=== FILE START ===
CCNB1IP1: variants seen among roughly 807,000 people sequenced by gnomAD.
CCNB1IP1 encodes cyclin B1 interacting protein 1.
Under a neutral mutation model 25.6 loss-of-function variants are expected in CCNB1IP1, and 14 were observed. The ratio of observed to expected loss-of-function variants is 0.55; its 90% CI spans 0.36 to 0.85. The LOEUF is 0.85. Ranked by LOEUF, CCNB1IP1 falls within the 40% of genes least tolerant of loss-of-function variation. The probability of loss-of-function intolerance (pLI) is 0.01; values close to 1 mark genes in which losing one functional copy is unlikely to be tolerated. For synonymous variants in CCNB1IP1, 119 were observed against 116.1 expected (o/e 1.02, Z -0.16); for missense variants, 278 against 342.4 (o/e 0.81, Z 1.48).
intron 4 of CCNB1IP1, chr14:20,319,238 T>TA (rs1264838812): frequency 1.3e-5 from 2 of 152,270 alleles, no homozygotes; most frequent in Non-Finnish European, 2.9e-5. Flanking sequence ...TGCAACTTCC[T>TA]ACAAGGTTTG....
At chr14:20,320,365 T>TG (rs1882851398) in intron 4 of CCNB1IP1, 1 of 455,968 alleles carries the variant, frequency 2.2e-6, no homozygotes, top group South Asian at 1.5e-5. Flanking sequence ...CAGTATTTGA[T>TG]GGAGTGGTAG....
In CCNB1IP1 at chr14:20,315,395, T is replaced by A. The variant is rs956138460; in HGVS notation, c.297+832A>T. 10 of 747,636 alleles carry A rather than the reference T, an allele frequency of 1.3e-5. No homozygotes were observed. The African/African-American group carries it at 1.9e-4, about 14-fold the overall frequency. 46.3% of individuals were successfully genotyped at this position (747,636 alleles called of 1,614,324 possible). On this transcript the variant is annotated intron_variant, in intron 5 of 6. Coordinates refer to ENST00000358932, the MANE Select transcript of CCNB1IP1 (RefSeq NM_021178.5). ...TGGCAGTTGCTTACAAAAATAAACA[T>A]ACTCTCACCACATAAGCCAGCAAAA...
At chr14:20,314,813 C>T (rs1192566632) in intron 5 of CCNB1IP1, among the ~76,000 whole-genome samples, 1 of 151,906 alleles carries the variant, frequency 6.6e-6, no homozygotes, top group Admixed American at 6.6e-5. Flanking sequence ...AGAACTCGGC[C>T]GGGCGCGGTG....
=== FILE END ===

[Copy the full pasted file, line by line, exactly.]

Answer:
CCNB1IP1: variants seen among roughly 807,000 people sequenced by gnomAD.
CCNB1IP1 encodes cyclin B1 interacting protein 1.
Under a neutral mutation model 25.6 loss-of-function variants are expected in CCNB1IP1, and 14 were observed. The ratio of observed to expected loss-of-function variants is 0.55; its 90% CI spans 0.36 to 0.85. The LOEUF is 0.85. Ranked by LOEUF, CCNB1IP1 falls within the 40% of genes least tolerant of loss-of-function variation. The probability of loss-of-function intolerance (pLI) is 0.01; values close to 1 mark genes in which losing one functional copy is unlikely to be tolerated. For synonymous variants in CCNB1IP1, 119 were observed against 116.1 expected (o/e 1.02, Z -0.16); for missense variants, 278 against 342.4 (o/e 0.81, Z 1.48).
intron 4 of CCNB1IP1, chr14:20,319,238 T>TA (rs1264838812): frequency 1.3e-5 from 2 of 152,270 alleles, no homozygotes; most frequent in Non-Finnish European, 2.9e-5. Flanking sequence ...TGCAACTTCC[T>TA]ACAAGGTTTG....
At chr14:20,320,365 T>TG (rs1882851398) in intron 4 of CCNB1IP1, 1 of 455,968 alleles carries the variant, frequency 2.2e-6, no homozygotes, top group South Asian at 1.5e-5. Flanking sequence ...CAGTATTTGA[T>TG]GGAGTGGTAG....
In CCNB1IP1 at chr14:20,315,395, T is replaced by A. The variant is rs956138460; in HGVS notation, c.297+832A>T. 10 of 747,636 alleles carry A rather than the reference T, an allele frequency of 1.3e-5. No homozygotes were observed. The African/African-American group carries it at 1.9e-4, about 14-fold the overall frequency. 46.3% of individuals were successfully genotyped at this position (747,636 alleles called of 1,614,324 possible). On this transcript the variant is annotated intron_variant, in intron 5 of 6. Coordinates refer to ENST00000358932, the MANE Select transcript of CCNB1IP1 (RefSeq NM_021178.5). ...TGGCAGTTGCTTACAAAAATAAACA[T>A]ACTCTCACCACATAAGCCAGCAAAA...
At chr14:20,314,813 C>T (rs1192566632) in intron 5 of CCNB1IP1, among the ~76,000 whole-genome samples, 1 of 151,906 alleles carries the variant, frequency 6.6e-6, no homozygotes, top group Admixed American at 6.6e-5. Flanking sequence ...AGAACTCGGC[C>T]GGGCGCGGTG....